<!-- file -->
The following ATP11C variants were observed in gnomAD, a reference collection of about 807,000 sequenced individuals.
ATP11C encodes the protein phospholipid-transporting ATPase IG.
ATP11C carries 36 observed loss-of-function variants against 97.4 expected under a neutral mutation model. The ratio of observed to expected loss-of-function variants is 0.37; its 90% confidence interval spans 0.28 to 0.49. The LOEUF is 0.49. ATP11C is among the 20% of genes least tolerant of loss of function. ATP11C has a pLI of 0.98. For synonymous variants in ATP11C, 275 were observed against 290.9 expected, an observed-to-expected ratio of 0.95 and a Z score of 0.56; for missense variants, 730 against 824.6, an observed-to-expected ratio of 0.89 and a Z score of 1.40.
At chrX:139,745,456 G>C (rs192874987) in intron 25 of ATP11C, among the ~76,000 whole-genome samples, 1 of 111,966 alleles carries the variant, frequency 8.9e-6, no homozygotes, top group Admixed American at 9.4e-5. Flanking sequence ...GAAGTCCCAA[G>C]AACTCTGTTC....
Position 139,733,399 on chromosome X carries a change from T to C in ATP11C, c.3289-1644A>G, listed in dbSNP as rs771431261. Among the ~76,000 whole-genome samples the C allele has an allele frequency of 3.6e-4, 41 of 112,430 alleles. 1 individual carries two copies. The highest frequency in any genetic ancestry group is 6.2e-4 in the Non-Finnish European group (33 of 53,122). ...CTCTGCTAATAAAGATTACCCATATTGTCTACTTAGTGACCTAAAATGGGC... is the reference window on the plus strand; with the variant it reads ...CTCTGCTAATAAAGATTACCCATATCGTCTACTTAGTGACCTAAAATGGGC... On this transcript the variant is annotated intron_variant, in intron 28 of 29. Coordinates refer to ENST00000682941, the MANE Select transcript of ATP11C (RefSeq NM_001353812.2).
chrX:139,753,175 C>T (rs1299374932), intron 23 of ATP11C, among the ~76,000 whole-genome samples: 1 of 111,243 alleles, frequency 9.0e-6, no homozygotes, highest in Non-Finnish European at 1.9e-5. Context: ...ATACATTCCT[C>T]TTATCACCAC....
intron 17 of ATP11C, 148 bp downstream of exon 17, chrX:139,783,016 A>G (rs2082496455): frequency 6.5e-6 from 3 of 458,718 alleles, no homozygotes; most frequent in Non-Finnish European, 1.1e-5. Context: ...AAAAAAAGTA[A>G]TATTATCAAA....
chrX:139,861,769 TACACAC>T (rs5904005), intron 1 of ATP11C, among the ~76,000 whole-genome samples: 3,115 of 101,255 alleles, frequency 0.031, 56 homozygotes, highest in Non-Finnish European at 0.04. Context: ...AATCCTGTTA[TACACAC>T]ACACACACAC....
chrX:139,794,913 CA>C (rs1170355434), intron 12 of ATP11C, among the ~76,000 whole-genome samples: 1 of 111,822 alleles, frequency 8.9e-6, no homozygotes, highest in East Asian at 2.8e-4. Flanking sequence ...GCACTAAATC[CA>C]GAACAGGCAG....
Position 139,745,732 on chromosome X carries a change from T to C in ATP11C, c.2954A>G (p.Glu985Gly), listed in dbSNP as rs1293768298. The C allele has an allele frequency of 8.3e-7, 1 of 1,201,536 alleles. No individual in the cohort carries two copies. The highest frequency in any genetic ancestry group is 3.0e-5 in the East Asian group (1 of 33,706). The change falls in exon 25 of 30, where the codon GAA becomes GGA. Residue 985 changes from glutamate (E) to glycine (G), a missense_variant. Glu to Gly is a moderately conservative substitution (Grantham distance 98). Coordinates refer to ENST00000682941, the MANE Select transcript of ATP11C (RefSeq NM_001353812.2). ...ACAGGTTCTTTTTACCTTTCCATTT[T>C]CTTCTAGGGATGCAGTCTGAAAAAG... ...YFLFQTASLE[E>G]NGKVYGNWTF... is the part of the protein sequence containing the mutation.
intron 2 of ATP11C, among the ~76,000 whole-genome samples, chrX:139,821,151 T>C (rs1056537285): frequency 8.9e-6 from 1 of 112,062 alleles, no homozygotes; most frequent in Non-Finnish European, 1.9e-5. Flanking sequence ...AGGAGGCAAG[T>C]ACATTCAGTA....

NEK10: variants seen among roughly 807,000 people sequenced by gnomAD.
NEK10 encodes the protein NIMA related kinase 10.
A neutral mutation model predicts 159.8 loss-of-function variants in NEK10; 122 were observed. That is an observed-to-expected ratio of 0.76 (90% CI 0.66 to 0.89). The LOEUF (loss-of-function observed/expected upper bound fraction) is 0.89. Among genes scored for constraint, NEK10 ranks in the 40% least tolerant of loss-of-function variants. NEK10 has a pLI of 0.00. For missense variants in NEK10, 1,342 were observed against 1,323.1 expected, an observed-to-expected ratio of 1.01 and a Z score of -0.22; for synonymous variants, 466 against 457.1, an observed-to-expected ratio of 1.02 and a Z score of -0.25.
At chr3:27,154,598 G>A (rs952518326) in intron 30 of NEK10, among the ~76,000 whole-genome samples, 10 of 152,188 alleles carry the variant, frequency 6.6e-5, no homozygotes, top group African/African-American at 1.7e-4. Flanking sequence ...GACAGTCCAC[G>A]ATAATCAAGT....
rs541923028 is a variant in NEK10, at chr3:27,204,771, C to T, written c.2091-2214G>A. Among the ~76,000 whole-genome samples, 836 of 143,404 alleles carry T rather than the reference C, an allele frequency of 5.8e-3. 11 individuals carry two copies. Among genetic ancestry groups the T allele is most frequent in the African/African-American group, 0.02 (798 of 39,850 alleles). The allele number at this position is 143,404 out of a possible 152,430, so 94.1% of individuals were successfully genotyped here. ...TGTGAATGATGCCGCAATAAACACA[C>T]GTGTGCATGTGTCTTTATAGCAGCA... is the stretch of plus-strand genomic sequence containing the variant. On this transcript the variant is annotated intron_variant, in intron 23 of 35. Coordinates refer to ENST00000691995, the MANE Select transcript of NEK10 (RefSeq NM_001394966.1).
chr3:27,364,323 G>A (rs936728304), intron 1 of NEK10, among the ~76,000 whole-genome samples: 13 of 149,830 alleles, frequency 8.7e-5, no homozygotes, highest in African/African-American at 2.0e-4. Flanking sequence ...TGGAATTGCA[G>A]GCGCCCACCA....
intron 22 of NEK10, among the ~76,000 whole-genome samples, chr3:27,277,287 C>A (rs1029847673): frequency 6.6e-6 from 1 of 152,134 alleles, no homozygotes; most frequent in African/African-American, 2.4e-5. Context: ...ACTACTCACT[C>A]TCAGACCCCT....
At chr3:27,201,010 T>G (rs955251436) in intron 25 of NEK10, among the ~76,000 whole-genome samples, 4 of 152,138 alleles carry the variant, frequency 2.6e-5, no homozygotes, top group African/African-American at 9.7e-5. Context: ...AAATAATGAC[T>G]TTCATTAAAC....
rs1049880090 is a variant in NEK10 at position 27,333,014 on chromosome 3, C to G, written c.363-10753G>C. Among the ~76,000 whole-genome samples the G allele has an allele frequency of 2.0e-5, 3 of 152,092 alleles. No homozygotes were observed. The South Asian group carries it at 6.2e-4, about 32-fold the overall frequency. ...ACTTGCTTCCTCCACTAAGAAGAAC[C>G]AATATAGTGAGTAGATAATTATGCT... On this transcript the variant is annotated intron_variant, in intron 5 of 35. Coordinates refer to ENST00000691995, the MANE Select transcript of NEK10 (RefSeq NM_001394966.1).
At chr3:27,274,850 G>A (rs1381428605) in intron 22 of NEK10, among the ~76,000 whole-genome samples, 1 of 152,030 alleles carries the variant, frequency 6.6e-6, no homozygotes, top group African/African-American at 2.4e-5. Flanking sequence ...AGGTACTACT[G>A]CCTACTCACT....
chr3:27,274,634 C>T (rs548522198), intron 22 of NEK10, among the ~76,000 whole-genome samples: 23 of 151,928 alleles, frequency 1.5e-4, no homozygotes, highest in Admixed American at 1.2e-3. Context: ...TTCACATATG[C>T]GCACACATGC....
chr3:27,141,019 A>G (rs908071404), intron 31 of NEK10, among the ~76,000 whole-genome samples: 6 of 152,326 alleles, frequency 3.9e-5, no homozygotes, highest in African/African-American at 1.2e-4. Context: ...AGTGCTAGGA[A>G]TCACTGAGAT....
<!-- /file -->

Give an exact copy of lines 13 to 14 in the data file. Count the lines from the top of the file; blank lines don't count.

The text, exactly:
NEK10 encodes the protein NIMA related kinase 10.
A neutral mutation model predicts 159.8 loss-of-function variants in NEK10; 122 were observed. That is an observed-to-expected ratio of 0.76 (90% CI 0.66 to 0.89). The LOEUF (loss-of-function observed/expected upper bound fraction) is 0.89. Among genes scored for constraint, NEK10 ranks in the 40% least tolerant of loss-of-function variants. NEK10 has a pLI of 0.00. For missense variants in NEK10, 1,342 were observed against 1,323.1 expected, an observed-to-expected ratio of 1.01 and a Z score of -0.22; for synonymous variants, 466 against 457.1, an observed-to-expected ratio of 1.02 and a Z score of -0.25.